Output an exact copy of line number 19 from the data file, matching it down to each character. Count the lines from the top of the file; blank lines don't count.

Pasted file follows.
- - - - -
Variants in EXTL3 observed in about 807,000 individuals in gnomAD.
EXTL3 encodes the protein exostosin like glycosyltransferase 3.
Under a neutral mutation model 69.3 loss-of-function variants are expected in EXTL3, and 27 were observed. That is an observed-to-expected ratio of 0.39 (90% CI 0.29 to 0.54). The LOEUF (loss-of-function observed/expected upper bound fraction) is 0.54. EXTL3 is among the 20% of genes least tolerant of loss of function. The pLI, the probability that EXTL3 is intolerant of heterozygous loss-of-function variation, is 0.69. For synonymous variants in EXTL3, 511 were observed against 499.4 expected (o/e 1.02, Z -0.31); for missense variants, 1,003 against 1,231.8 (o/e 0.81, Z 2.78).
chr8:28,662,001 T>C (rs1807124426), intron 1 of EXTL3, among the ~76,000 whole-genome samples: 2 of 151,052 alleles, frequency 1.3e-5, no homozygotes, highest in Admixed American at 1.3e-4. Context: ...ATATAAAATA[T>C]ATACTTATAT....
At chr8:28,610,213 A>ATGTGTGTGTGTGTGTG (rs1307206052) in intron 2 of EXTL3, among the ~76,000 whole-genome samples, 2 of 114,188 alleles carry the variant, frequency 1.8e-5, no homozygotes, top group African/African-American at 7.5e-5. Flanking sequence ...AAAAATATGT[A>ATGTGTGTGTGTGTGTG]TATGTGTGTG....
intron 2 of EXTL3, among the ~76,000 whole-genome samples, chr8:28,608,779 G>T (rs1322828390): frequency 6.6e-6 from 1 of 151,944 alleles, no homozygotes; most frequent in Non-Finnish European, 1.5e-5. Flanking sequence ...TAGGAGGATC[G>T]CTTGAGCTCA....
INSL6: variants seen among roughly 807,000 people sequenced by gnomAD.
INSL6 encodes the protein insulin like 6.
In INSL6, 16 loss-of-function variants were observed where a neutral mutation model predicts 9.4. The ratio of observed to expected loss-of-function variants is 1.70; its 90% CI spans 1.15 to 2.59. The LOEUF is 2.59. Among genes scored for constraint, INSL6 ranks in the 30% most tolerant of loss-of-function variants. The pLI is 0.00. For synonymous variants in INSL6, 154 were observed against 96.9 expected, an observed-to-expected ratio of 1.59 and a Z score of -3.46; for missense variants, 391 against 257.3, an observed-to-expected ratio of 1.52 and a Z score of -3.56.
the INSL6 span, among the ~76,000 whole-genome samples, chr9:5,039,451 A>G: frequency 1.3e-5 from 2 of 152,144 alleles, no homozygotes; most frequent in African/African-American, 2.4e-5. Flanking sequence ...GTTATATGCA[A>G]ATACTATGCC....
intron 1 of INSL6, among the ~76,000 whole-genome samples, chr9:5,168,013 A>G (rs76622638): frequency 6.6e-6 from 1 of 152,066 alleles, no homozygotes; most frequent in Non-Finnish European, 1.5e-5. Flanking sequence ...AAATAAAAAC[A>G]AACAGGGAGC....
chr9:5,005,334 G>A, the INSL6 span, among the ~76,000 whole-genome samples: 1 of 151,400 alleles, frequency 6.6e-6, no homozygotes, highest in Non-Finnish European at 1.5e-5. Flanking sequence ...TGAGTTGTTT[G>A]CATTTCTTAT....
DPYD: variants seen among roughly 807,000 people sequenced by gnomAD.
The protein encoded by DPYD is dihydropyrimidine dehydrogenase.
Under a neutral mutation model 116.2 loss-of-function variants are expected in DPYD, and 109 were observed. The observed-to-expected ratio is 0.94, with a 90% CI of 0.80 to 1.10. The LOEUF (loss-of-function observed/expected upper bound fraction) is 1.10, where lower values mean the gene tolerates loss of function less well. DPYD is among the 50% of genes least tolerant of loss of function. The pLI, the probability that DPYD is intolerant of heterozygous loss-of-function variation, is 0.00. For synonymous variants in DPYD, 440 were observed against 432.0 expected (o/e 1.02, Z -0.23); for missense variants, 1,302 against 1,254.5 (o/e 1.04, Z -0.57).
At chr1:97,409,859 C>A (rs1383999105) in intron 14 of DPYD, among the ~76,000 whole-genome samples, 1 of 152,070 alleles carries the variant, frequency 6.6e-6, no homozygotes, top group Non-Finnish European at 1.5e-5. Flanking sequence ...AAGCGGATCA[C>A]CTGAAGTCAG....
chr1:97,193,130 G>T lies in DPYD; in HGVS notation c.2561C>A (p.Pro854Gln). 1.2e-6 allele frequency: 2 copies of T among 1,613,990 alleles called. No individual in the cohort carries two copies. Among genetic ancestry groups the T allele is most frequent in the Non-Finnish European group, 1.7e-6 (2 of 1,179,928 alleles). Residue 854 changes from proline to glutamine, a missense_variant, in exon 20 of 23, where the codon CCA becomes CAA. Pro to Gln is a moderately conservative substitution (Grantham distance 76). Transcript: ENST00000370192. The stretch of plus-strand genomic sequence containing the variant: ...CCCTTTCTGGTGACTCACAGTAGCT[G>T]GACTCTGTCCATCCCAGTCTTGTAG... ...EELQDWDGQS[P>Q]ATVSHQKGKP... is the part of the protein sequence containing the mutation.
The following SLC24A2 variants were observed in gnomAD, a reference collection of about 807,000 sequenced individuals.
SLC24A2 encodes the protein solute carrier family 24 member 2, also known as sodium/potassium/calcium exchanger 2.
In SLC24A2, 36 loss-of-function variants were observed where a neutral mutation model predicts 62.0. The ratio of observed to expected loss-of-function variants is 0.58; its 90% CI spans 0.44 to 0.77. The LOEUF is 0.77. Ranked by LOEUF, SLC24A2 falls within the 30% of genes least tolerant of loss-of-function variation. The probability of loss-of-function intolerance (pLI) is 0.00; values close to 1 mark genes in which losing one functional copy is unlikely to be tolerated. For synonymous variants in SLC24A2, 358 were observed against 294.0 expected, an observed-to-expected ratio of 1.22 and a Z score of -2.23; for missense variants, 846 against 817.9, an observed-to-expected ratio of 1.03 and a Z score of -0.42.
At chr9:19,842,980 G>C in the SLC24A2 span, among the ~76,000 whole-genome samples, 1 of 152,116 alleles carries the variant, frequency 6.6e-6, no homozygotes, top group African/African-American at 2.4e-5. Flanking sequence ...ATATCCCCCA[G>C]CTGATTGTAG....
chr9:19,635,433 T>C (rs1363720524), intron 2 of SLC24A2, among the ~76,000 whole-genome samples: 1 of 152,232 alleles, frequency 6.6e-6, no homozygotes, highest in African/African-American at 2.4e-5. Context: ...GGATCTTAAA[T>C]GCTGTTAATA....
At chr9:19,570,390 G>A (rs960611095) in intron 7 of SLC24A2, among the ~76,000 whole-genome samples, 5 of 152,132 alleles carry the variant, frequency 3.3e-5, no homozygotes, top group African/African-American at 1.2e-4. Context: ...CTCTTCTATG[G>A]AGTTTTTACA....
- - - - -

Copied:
SLC24A2 encodes the protein solute carrier family 24 member 2, also known as sodium/potassium/calcium exchanger 2.